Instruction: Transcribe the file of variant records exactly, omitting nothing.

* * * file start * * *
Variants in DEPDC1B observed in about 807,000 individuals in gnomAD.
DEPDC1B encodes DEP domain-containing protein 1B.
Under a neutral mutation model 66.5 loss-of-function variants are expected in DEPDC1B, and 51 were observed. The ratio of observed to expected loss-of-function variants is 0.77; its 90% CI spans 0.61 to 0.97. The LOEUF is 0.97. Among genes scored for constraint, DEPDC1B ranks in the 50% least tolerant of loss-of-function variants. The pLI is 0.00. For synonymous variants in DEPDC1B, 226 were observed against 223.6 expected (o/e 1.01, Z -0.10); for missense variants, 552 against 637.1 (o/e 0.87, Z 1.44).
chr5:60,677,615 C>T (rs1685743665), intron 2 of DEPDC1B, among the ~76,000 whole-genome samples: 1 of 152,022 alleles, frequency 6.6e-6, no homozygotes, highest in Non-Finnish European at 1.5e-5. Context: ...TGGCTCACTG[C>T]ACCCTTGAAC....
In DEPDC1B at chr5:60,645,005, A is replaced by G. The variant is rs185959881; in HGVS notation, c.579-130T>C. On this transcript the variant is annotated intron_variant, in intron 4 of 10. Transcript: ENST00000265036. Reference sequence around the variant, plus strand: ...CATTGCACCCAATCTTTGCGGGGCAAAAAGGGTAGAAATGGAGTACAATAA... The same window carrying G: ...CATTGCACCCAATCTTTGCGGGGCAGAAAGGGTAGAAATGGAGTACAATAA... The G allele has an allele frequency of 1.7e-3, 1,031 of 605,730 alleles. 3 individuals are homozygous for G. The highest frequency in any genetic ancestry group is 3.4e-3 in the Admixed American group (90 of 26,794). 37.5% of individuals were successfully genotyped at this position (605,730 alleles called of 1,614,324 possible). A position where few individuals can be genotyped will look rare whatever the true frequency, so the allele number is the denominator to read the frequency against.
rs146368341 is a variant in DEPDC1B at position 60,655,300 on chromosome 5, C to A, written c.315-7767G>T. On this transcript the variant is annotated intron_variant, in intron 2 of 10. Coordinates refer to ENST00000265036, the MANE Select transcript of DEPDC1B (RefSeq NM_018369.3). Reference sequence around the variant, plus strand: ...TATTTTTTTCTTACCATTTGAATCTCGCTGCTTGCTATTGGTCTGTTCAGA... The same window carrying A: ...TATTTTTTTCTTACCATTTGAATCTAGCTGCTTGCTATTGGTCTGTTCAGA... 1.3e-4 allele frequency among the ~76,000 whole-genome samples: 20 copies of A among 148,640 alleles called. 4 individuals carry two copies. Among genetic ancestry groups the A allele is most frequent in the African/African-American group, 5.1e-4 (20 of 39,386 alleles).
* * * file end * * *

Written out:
Variants in DEPDC1B observed in about 807,000 individuals in gnomAD.
DEPDC1B encodes DEP domain-containing protein 1B.
Under a neutral mutation model 66.5 loss-of-function variants are expected in DEPDC1B, and 51 were observed. The ratio of observed to expected loss-of-function variants is 0.77; its 90% CI spans 0.61 to 0.97. The LOEUF is 0.97. Among genes scored for constraint, DEPDC1B ranks in the 50% least tolerant of loss-of-function variants. The pLI is 0.00. For synonymous variants in DEPDC1B, 226 were observed against 223.6 expected (o/e 1.01, Z -0.10); for missense variants, 552 against 637.1 (o/e 0.87, Z 1.44).
chr5:60,677,615 C>T (rs1685743665), intron 2 of DEPDC1B, among the ~76,000 whole-genome samples: 1 of 152,022 alleles, frequency 6.6e-6, no homozygotes, highest in Non-Finnish European at 1.5e-5. Context: ...TGGCTCACTG[C>T]ACCCTTGAAC....
In DEPDC1B at chr5:60,645,005, A is replaced by G. The variant is rs185959881; in HGVS notation, c.579-130T>C. On this transcript the variant is annotated intron_variant, in intron 4 of 10. Transcript: ENST00000265036. Reference sequence around the variant, plus strand: ...CATTGCACCCAATCTTTGCGGGGCAAAAAGGGTAGAAATGGAGTACAATAA... The same window carrying G: ...CATTGCACCCAATCTTTGCGGGGCAGAAAGGGTAGAAATGGAGTACAATAA... The G allele has an allele frequency of 1.7e-3, 1,031 of 605,730 alleles. 3 individuals are homozygous for G. The highest frequency in any genetic ancestry group is 3.4e-3 in the Admixed American group (90 of 26,794). 37.5% of individuals were successfully genotyped at this position (605,730 alleles called of 1,614,324 possible). A position where few individuals can be genotyped will look rare whatever the true frequency, so the allele number is the denominator to read the frequency against.
rs146368341 is a variant in DEPDC1B at position 60,655,300 on chromosome 5, C to A, written c.315-7767G>T. On this transcript the variant is annotated intron_variant, in intron 2 of 10. Coordinates refer to ENST00000265036, the MANE Select transcript of DEPDC1B (RefSeq NM_018369.3). Reference sequence around the variant, plus strand: ...TATTTTTTTCTTACCATTTGAATCTCGCTGCTTGCTATTGGTCTGTTCAGA... The same window carrying A: ...TATTTTTTTCTTACCATTTGAATCTAGCTGCTTGCTATTGGTCTGTTCAGA... 1.3e-4 allele frequency among the ~76,000 whole-genome samples: 20 copies of A among 148,640 alleles called. 4 individuals carry two copies. Among genetic ancestry groups the A allele is most frequent in the African/African-American group, 5.1e-4 (20 of 39,386 alleles).